Thanks To Retrogression
USCIS has recently trumpeted its success at meeting the Administration's six-month backlog reduction efforts. However, as this graphic shows, much of the credit is due not to the efforts of the USCIS but to factors beyond its control, and it is too early for USCIS to be claiming that the backlog has indeed been tamed.
USCIS has defined "backlog" to include cases only considered to be within USCIS control, those which are ready to be adjudicated. USCIS has omitted the following cases from its backlog count: cases that are pending law enforcement security checks, naturalization test retakes, naturalization candidates awaiting scheduling of a judicial ceremony and cases in which an applicant has failed to respond to a request for additional evidence needed to complete the adjudication. However, the USCIS definition neglects to take into account the effect of retrogressed cases on the backlog. This may have significant impact on the perceived increases in efficiency and the perceived reduction in the backlog.
The re-introduction of concurrent filing allowed USCIS to accept cases which subsequently retrogressed. In these cases, USCIS received fees for I-485 applications which are now listed as retrogressed and thus, officially not part of the backlog. However, to the best of our knowledge, the fees thus received have not been held in a trust account and instead have been expended on resources used to reduce the backlog of non-retrogressed cases. What will happen when retrogressed cases begin to flood USCIS for adjudication? With the revenue from retrogressed cases already spent, the future backlog will very likely see an exponential increase and/or a marked increase in USCIS processing fees.
It is possible that USCIS has created efficiencies through better management and/or better technology. However, the evidence of the backlog reduction does not back a strong claim for these improvements. The explanation above may be a stronger candidate for the true cause for backlog reduction. USCIS will truly deserve accolades if it can maintain its 6-month backlog when retrogression reverses.
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Deadline For PERM Pointers, Pitfalls And Puzzles Is Tuesday, September 26th
The curriculum for "PERM Pointers, Pitfalls And Puzzles" is as follows:
FIRST Phone Session on Sep 28: Preparing To File A PERM Application
- Who's PERM is it anyway?
- How do I get the right Prevailing Wage?
- Who holds the key to the minimum requirements?
- What are the best recruitment sources?
- How do I know when requirements are restrictive?
- Is this a 2nd Preference or 3rd Preference case?
SECOND Phone Session on Oct 19, 2006: Preparing Form 9089 For Filing
- How do I avoid a computer denial?
- How do I fill out Part H to avoid a substantive denial?
- How do I fill out Parts J & K to avoid a substantive
- What documentation must I have as back up to the 9089?
- When is the "magic language" necessary?
THIRD Phone Session on Nov 2, 2006: After The 9089 Is Filed
The deadline to sign up is Tuesday, September 26th. For more info,
including speaker bios, detailed curriculum, and registration information, please see: http://www.ilw.com/seminars/september2006.shtm. (Fax version: http://www.ilw.com/seminars/september2006.pdf.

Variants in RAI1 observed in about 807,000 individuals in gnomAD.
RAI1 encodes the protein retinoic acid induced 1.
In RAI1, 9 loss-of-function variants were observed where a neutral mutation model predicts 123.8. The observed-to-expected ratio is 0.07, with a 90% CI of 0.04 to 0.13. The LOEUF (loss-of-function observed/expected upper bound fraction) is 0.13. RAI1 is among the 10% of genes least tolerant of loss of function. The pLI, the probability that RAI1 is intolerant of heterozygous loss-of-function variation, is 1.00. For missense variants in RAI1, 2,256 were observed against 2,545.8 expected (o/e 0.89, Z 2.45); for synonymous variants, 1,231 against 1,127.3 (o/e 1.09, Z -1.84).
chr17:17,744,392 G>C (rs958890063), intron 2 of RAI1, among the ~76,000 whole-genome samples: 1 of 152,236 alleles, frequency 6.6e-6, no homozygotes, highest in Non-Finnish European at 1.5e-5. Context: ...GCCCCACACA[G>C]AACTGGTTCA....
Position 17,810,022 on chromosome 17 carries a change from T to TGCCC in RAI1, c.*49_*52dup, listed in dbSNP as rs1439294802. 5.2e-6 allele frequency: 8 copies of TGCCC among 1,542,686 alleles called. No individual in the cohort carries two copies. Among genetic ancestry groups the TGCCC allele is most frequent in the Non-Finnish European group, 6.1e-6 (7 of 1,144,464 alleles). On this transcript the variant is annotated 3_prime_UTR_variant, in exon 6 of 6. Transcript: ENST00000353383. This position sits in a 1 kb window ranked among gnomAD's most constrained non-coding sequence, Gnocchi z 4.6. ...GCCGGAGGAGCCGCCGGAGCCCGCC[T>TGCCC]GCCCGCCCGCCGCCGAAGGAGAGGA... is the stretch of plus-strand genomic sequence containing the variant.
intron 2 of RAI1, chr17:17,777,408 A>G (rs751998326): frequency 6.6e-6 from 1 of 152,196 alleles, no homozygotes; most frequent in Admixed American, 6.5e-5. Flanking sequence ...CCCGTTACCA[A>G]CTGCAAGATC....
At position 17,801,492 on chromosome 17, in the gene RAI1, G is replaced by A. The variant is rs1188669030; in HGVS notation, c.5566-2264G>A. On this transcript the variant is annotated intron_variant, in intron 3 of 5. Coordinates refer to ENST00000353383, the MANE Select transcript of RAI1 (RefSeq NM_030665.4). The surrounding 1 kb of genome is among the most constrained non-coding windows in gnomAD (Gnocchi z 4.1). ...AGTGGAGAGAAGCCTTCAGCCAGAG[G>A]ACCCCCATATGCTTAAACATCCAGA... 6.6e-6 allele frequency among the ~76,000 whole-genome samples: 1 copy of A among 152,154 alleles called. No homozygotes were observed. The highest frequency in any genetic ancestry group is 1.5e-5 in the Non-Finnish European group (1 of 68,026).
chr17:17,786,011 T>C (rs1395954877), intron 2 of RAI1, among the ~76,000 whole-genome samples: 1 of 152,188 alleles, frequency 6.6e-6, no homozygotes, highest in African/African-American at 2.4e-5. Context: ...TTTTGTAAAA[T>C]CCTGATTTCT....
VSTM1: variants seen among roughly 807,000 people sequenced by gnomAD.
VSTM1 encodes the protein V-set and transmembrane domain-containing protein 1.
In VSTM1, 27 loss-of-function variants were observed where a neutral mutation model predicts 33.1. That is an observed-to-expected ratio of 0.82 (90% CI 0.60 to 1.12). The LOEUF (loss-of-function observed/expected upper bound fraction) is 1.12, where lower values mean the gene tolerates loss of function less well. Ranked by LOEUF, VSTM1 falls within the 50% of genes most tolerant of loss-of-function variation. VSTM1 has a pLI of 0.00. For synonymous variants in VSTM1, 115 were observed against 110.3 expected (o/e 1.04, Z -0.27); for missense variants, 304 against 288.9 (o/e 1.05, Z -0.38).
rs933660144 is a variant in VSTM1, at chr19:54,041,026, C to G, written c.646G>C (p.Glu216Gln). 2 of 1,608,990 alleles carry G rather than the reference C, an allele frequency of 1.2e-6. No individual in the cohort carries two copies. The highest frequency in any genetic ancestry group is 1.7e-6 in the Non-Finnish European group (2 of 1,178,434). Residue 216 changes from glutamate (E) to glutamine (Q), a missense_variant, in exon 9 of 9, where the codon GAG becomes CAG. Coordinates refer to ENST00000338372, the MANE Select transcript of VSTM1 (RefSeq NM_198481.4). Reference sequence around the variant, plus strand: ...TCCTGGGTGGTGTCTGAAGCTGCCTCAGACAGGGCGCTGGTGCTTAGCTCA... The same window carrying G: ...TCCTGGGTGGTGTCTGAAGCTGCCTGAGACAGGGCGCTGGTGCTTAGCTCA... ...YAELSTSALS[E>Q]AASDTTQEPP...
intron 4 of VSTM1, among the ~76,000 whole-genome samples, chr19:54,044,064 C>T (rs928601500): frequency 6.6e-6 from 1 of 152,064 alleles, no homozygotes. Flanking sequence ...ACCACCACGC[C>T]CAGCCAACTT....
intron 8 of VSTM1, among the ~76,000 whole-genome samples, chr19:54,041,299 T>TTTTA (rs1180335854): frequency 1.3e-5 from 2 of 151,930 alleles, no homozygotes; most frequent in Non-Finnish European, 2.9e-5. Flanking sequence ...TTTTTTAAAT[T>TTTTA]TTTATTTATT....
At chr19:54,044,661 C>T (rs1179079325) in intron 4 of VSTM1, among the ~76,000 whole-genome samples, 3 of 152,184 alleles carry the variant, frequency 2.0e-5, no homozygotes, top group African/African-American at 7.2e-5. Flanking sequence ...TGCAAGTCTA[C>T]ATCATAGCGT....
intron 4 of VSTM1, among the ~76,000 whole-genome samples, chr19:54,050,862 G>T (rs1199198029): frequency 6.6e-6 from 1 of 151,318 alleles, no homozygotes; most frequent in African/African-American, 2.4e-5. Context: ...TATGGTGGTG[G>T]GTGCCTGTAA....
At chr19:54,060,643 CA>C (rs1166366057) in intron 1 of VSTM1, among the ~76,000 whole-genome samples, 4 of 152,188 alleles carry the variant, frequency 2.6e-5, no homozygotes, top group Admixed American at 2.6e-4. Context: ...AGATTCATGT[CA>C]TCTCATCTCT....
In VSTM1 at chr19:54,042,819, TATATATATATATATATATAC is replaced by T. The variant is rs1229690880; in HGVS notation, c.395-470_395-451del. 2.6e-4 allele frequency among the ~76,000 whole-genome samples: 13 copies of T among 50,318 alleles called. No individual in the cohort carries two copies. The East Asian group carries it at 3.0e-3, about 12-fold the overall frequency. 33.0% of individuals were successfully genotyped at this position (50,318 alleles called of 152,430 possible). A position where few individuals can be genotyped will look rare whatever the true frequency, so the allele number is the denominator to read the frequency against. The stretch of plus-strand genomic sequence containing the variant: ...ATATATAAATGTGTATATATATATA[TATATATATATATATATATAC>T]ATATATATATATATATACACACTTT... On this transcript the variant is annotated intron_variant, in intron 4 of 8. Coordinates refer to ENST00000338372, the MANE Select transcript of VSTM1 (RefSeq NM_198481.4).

- Should I be concerned about audits and how do I best
- What do I do if I get an audit?
- Do I appeal, file a motion to reconsider, or re-file?
- What evidence must the employee get to prove
- Was the 9089 properly filled out to make the I-140 process
BIA Rules In Favor Of Children Who Aged-Out Despite CSPA
Carl Shusterman writes "Now, in an unprecedented decision, the Board of Immigration Appeals (BIA) has interpreted the law in a way that will benefit many thousands of aged-out children whose parents have waited in line many years to obtain permanent residence."
CRS Report On Immigration Related Border Security
The Congressional Research Service issued a report focusing on the main legislative issues facing the 109th Congress relating to the movement of people across the border. It will not address interior enforcement issues or cargo security issues.
Help Wanted: Immigration Paralegal
13-person midtown NYC immigration law firm seeks paralegal with 2+ years of experience with business applications: nonimmigrant and immigrant. Experience with family based, naturalization and other applications a plus. Ideal candidate has BA degree, is detail oriented, organized, conscientious. Candidate must also possess excellent writing, communication & case
management skills. Competitive compensation package offered. Email resume + cover letter in MS Word format to email@example.com.
Help Wanted: Immigration Consultants
Las Vegas, NV or Phoenix, AZ - Immigration and Citizenship Services, Inc. has immediate openings for immigration consultants. Have plans to expand quickly across America. Immigration consultant will act as liasion between USCIS, the client and the attorney. Experience, including but not limited to E's, L's H's, TN's, OPTS necessary. Experienced only. Typing skills, computer savvy, great verbal and written communication skills required. Fluency in another language not required but desirable. Competitive compensation offered, including paid medical, dental, and vision. Relocation package may be available for right candidate. Contact Fred D. Winchar, business manager at firstname.lastname@example.org. This is a full-time position.
Help Wanted: Immigration Attorney
Manhattan boutique law firm seeks per diem lawyer to prepare and represent high-profile clients at USCIS interviews (AOS, 751, Natz) at NYC, Garden City, Newark. Approx. 40 cases per year. Must know the law and local procedures, be experienced, and have good client rapport. Please send resume, two references, with fee rates to LawyersNYC555@Hotmail.com.This is a blind ad posting.
Help Wanted: Immigration Attorney